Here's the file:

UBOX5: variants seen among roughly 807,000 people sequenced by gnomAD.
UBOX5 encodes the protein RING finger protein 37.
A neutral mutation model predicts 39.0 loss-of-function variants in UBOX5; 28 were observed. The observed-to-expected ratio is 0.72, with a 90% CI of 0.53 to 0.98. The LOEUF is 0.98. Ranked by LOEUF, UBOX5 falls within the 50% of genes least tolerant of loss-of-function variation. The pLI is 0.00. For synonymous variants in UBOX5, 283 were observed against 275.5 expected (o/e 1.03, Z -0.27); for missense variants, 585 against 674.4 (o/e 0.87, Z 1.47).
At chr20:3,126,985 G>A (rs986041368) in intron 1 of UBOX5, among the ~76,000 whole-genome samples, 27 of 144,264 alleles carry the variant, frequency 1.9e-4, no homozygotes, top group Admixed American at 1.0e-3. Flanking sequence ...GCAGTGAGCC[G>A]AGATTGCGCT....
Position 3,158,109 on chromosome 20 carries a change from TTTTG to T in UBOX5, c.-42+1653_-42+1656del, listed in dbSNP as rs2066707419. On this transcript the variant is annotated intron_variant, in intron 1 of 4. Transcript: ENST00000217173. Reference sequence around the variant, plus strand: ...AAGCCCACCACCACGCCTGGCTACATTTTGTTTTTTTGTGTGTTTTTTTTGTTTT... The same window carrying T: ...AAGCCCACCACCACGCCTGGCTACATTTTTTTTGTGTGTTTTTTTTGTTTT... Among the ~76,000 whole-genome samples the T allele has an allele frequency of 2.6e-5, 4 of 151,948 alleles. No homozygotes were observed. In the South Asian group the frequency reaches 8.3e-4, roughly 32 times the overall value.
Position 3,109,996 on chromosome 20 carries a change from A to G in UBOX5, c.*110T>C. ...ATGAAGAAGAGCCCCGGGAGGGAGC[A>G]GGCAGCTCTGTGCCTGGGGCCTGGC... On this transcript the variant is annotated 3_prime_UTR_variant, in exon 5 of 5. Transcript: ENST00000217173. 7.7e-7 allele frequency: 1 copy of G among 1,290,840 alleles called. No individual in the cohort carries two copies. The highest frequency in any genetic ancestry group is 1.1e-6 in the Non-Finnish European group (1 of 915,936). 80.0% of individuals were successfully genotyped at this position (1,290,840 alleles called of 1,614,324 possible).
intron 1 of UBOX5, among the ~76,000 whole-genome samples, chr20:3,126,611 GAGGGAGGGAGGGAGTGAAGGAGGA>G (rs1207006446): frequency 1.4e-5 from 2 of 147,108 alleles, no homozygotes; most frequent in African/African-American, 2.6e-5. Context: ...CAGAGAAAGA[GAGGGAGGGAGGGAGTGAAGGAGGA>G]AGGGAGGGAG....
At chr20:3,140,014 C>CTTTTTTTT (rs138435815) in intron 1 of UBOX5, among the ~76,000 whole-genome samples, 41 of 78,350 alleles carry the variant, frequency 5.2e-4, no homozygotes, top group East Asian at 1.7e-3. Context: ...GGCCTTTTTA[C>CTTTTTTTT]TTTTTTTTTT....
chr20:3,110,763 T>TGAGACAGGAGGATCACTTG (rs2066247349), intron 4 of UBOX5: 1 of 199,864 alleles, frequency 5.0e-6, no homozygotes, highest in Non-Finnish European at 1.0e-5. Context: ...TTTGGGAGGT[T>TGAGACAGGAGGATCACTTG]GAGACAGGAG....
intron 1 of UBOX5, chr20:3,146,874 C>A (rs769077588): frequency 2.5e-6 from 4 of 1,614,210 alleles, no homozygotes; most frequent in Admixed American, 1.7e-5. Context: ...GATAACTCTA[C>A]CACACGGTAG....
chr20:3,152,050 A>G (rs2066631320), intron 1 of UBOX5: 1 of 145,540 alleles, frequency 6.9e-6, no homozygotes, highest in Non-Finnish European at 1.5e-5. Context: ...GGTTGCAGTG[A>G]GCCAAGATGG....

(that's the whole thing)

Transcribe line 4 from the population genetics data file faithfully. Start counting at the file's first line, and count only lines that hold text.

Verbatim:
At chr20:3,126,985 G>A (rs986041368) in intron 1 of UBOX5, among the ~76,000 whole-genome samples, 27 of 144,264 alleles carry the variant, frequency 1.9e-4, no homozygotes, top group Admixed American at 1.0e-3. Flanking sequence ...GCAGTGAGCC[G>A]AGATTGCGCT....